(CBS) – We're halfway through the summer and there's a good chance the public pool you're visiting hasn't been inspected.
CBS 2's Dorothy Tucker reports.
The community pool can be a summer pleasure.
But this break from the heat could also put your family at risk, according to Michele Hlavsa, chief of the Healthy Swimming Program at the Centers for Disease Control.
"If the chlorine levels are low, germs could potentially spread between the swimmers who are sharing the water," Hlavsa says.
Health inspectors are ultimately responsible for ensuring that chlorine levels are correct, as well as pH levels that determine how well the chlorine is working.
"If the pH is too high, the disinfectant, like the chlorine or bromine, is not going to be very good at killing germs," Hlavsa says.
CBS 2 reviewed three years of inspection reports from the Chicago Health Department and found that half of the Chicago Park District pools in the city have not been inspected yet this year. Since 2014, 22 inspections discovered pH levels were too high. Six inspections indicated chlorine levels were too low -- in one case, low enough to order the pool immediately closed.
"If they have guidelines they should probably stick with the guidelines," Sebastian Sadowski, father of a 13-month-old daughter, says.
Dressed for a day at the pool, Tucker visited several pool and used test strips from a local store to check out the pH and chlorine levels of the pool water.
Chlorine and pH levels tested fine at Armour Square and Pulaski Park pools.
However, at Riis, Cornell, Oakdale and Smith Park pools the pH levels were high.
The chlorine levels were low at Washington Park and at the kiddie pool at Portage Park, according to the test strips. That's a problem.
"Children are bringing a lot more into the water, a lot more poop and sweat than the rest of us are bringing into the water, which also uses up the chlorine," Hlavsa said.
William Molina often takes his grandson to the Portage pool.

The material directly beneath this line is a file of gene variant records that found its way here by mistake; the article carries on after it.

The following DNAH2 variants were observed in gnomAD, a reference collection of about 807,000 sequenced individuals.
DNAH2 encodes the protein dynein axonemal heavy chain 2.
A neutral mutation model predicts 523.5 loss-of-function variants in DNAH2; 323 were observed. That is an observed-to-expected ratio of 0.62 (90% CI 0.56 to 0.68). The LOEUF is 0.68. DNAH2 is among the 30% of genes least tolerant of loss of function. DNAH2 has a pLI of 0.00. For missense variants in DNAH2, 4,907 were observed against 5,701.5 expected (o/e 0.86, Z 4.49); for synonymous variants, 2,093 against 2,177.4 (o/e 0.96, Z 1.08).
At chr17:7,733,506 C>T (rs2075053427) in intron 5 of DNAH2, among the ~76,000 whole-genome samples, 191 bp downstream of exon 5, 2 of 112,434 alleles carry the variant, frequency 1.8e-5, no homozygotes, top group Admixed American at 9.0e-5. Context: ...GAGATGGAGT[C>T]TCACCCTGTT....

"It's pretty alarming when you hear stuff like that," he says.
Hlavsa suggests parents use these strips to test pools before letting their children take a dip and report any questionable levels.
"Until the problem is fixed we recommend not entering the water," Hlavsa says.
A Chicago Department of Health spokesperson said 14 inspectors test pools to ensure the public's safety and will have all outdoor pools inspected by Labor Day.
The spokesperson added while the test strips CBS 2 used are not an approved method for testing pool water, the department would follow up if someone did their own testing and filed a complaint.
Here is the agency's full statement:
"Chicago works diligently to ensure that all of our pools are safe and clean for all patrons to enjoy, and tests water and equipment regularly to ensure that it is safe to swim. The Chicago Department of Public Health (CDPH) employs a team of sanitarians who work to ensure that both indoor and outdoor pools are both free of contaminants and in compliance with state regulations throughout the year and during the summer season. In addition to the annual inspections done by CDPH, the Park District ensures that pools are regularly cleaned and that equipment is tested daily to ensure a safe environment for swimmers year-round."
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